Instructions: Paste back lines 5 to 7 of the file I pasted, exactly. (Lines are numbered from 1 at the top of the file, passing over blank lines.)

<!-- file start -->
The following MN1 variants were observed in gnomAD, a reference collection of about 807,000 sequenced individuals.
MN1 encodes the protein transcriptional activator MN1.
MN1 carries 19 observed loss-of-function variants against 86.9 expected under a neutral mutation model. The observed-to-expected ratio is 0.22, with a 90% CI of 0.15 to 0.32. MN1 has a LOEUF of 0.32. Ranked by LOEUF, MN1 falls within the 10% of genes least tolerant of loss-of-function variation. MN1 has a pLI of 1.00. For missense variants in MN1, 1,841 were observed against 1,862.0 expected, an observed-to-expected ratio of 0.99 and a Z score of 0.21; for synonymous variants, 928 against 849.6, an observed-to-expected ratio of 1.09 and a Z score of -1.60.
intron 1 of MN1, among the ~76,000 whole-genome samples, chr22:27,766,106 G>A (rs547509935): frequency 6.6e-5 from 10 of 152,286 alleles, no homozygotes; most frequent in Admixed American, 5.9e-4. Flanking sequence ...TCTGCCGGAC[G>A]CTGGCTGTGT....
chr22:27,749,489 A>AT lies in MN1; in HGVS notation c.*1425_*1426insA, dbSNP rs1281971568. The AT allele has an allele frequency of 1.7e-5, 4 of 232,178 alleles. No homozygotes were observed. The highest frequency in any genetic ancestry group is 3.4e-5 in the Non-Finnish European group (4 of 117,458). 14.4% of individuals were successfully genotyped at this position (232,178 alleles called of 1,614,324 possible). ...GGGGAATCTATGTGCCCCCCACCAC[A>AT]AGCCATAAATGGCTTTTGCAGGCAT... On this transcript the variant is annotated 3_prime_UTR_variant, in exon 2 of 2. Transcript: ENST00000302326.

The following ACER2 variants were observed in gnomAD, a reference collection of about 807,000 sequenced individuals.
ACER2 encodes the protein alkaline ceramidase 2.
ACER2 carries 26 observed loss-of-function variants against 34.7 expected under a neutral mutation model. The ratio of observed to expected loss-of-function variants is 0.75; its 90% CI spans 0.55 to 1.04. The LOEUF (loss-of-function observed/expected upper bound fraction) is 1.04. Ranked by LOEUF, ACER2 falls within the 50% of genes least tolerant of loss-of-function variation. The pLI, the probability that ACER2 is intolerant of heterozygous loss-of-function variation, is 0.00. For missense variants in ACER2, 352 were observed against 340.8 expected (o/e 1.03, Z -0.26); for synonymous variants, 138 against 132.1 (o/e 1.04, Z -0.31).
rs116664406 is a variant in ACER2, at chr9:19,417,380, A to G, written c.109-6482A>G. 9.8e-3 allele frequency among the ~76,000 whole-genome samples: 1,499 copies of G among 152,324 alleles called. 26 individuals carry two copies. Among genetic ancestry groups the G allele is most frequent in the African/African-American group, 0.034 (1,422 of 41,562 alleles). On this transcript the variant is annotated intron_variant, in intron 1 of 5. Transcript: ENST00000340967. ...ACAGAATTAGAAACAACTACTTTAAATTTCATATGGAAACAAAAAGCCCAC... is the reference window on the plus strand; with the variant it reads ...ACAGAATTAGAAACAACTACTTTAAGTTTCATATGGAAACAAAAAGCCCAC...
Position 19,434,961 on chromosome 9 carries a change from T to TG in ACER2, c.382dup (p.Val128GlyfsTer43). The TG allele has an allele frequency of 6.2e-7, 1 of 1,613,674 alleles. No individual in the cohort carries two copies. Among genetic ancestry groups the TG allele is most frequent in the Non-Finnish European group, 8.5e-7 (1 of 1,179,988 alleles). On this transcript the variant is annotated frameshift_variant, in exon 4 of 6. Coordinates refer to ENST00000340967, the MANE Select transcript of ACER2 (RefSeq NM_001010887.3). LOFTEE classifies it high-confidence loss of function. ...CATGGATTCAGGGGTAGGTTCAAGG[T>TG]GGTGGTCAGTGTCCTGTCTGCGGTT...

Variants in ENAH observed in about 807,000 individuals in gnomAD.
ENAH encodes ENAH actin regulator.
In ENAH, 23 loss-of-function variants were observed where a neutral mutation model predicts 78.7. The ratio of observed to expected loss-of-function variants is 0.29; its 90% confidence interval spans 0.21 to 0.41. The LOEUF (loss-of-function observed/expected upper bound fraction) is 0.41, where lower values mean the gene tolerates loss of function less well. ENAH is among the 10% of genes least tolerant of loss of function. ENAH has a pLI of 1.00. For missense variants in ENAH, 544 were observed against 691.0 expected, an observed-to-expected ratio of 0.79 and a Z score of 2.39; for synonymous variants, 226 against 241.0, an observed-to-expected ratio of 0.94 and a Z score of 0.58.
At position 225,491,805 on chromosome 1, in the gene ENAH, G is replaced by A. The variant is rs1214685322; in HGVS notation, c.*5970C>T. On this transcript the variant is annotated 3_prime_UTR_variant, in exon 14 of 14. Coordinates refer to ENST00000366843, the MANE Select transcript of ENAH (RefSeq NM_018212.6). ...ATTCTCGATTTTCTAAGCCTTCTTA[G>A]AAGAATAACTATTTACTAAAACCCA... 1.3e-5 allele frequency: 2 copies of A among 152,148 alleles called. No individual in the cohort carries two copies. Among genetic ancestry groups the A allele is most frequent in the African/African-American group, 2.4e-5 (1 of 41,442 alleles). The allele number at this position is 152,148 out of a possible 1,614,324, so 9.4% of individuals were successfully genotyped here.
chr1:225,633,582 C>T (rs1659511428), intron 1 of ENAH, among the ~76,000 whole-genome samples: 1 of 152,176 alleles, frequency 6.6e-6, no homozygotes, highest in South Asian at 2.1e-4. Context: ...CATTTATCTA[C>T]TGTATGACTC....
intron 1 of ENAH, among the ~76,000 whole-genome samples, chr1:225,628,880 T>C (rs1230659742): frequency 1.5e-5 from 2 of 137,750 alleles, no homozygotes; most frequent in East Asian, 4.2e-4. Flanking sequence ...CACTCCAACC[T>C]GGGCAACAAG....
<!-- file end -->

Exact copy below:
chr22:27,749,489 A>AT lies in MN1; in HGVS notation c.*1425_*1426insA, dbSNP rs1281971568. The AT allele has an allele frequency of 1.7e-5, 4 of 232,178 alleles. No homozygotes were observed. The highest frequency in any genetic ancestry group is 3.4e-5 in the Non-Finnish European group (4 of 117,458). 14.4% of individuals were successfully genotyped at this position (232,178 alleles called of 1,614,324 possible). ...GGGGAATCTATGTGCCCCCCACCAC[A>AT]AGCCATAAATGGCTTTTGCAGGCAT... On this transcript the variant is annotated 3_prime_UTR_variant, in exon 2 of 2. Transcript: ENST00000302326.

The following ACER2 variants were observed in gnomAD, a reference collection of about 807,000 sequenced individuals.
ACER2 encodes the protein alkaline ceramidase 2.